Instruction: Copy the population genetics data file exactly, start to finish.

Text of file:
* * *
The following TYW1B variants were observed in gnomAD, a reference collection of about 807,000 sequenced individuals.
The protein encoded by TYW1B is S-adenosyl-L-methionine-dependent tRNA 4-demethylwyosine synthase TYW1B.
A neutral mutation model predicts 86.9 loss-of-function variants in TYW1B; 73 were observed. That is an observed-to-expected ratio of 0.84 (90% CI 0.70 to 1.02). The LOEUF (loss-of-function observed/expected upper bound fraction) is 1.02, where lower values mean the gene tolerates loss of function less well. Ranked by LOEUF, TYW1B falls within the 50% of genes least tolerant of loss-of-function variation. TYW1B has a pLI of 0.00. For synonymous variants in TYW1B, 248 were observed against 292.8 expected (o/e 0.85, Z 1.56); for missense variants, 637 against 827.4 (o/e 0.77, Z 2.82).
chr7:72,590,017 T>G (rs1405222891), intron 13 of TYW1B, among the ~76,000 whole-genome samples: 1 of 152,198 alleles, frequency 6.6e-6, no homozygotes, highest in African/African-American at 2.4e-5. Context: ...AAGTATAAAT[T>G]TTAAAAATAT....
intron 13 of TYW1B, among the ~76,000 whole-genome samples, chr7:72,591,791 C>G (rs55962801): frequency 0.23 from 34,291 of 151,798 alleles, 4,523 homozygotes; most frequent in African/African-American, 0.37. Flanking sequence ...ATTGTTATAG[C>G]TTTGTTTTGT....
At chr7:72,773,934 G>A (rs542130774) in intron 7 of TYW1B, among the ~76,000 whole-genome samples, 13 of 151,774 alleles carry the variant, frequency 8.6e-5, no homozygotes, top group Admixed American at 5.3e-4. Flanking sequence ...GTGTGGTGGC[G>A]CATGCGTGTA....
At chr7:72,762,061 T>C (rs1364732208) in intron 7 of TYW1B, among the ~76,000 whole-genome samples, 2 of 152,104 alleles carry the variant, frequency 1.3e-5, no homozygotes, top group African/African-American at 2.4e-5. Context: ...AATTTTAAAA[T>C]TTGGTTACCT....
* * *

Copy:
The following TYW1B variants were observed in gnomAD, a reference collection of about 807,000 sequenced individuals.
The protein encoded by TYW1B is S-adenosyl-L-methionine-dependent tRNA 4-demethylwyosine synthase TYW1B.
A neutral mutation model predicts 86.9 loss-of-function variants in TYW1B; 73 were observed. That is an observed-to-expected ratio of 0.84 (90% CI 0.70 to 1.02). The LOEUF (loss-of-function observed/expected upper bound fraction) is 1.02, where lower values mean the gene tolerates loss of function less well. Ranked by LOEUF, TYW1B falls within the 50% of genes least tolerant of loss-of-function variation. TYW1B has a pLI of 0.00. For synonymous variants in TYW1B, 248 were observed against 292.8 expected (o/e 0.85, Z 1.56); for missense variants, 637 against 827.4 (o/e 0.77, Z 2.82).
chr7:72,590,017 T>G (rs1405222891), intron 13 of TYW1B, among the ~76,000 whole-genome samples: 1 of 152,198 alleles, frequency 6.6e-6, no homozygotes, highest in African/African-American at 2.4e-5. Context: ...AAGTATAAAT[T>G]TTAAAAATAT....
intron 13 of TYW1B, among the ~76,000 whole-genome samples, chr7:72,591,791 C>G (rs55962801): frequency 0.23 from 34,291 of 151,798 alleles, 4,523 homozygotes; most frequent in African/African-American, 0.37. Flanking sequence ...ATTGTTATAG[C>G]TTTGTTTTGT....
At chr7:72,773,934 G>A (rs542130774) in intron 7 of TYW1B, among the ~76,000 whole-genome samples, 13 of 151,774 alleles carry the variant, frequency 8.6e-5, no homozygotes, top group Admixed American at 5.3e-4. Flanking sequence ...GTGTGGTGGC[G>A]CATGCGTGTA....
At chr7:72,762,061 T>C (rs1364732208) in intron 7 of TYW1B, among the ~76,000 whole-genome samples, 2 of 152,104 alleles carry the variant, frequency 1.3e-5, no homozygotes, top group African/African-American at 2.4e-5. Context: ...AATTTTAAAA[T>C]TTGGTTACCT....